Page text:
IMF Proposes Global Fund to Ease Climate Adaptation

>Though the science behind climate change projections has been taking a beating recently, one important institution is preparing for the worst. The International Monetary Fund is proposing a global climate adaptation fund as insurance for countries facing the disastrous consequences of a warming climate.

While the IMF has not historically crafted environmental policies, it has long been worrying about and planning for the macroeconomic and fiscal consequences of climate change. Temperature fluctuations could severely inhibit productivity, natural disasters could demand huge cash infusions, and permanent economic adaptation could require large up-front investment -- all developments that would involve the IMF.

In a paper that will be released later this week, the IMF models its scheme upon its own system of assigning member nations a quota based on their economic profiles. This quota determines countries' contributions, voting power, and access to financing. (Quota assignations were recently revised in order to better represent low-income countries and emerging markets.)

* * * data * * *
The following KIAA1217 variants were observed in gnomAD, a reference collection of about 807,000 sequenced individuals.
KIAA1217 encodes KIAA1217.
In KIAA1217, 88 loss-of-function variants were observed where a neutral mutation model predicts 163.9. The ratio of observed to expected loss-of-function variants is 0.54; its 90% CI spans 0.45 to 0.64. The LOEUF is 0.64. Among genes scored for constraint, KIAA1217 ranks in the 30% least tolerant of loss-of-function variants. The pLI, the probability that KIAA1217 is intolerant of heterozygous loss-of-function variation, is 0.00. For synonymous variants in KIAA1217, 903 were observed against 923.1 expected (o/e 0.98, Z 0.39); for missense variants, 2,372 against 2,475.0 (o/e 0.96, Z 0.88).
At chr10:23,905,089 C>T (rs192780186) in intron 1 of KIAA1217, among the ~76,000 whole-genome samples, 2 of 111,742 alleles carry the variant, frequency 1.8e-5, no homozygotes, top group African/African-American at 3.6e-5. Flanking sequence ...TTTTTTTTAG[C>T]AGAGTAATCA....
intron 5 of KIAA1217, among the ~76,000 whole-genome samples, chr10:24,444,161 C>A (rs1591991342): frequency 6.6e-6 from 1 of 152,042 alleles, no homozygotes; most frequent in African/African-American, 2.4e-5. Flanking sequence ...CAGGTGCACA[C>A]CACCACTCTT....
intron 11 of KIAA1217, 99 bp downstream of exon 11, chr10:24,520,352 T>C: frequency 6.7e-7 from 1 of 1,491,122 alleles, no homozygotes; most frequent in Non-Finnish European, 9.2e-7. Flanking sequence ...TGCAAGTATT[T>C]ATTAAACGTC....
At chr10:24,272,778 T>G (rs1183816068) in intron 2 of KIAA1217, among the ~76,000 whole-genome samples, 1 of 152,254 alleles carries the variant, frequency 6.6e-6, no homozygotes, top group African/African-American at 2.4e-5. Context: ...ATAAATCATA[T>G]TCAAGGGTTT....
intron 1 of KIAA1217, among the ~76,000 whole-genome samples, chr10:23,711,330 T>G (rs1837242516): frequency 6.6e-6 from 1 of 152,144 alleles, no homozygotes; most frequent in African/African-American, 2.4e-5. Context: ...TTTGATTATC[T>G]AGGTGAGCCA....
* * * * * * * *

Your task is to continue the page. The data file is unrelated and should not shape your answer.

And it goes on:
The World Bank predicts that adapting to climate change will cost $75 to $100 billion annually between 2010 and 2050. Much of this sum will be needed to help developing nations mitigate the droughts, floods, and famines that are expected to accompany higher global temperatures. In Copenhagen this December, a group of large nations floated a $100 billion annual fund by 2020 that would help poor countries manage these consequences. The IMF's proposal will provide much needed details to achieve this goal.

Presented by

Nicole Allan is a former senior editor at The Atlantic.

How to Cook Spaghetti Squash (and Why)

Cooking for yourself is one of the surest ways to eat well. Bestselling author Mark Bittman teaches James Hamblin the recipe that everyone is Googling.

Join the Discussion

After you comment, click Post. If you’re not already logged in you will be asked to log in or register.

blog comments powered by Disqus

Video

Before Tinder, a Tree

Looking for your soulmate? Write a letter to the "Bridegroom's Oak" in Germany.

Video

The Health Benefits of Going Outside

People spend too much time indoors. One solution: ecotherapy.

Video

Where High Tech Meets the 1950s

Why did Green Bank, West Virginia, ban wireless signals? For science.

Video

Yes, Quidditch Is Real

How J.K. Rowling's magical sport spread from Hogwarts to college campuses

Video

Would You Live in a Treehouse?

A treehouse can be an ideal office space, vacation rental, and way of reconnecting with your youth.

More in Business

Just In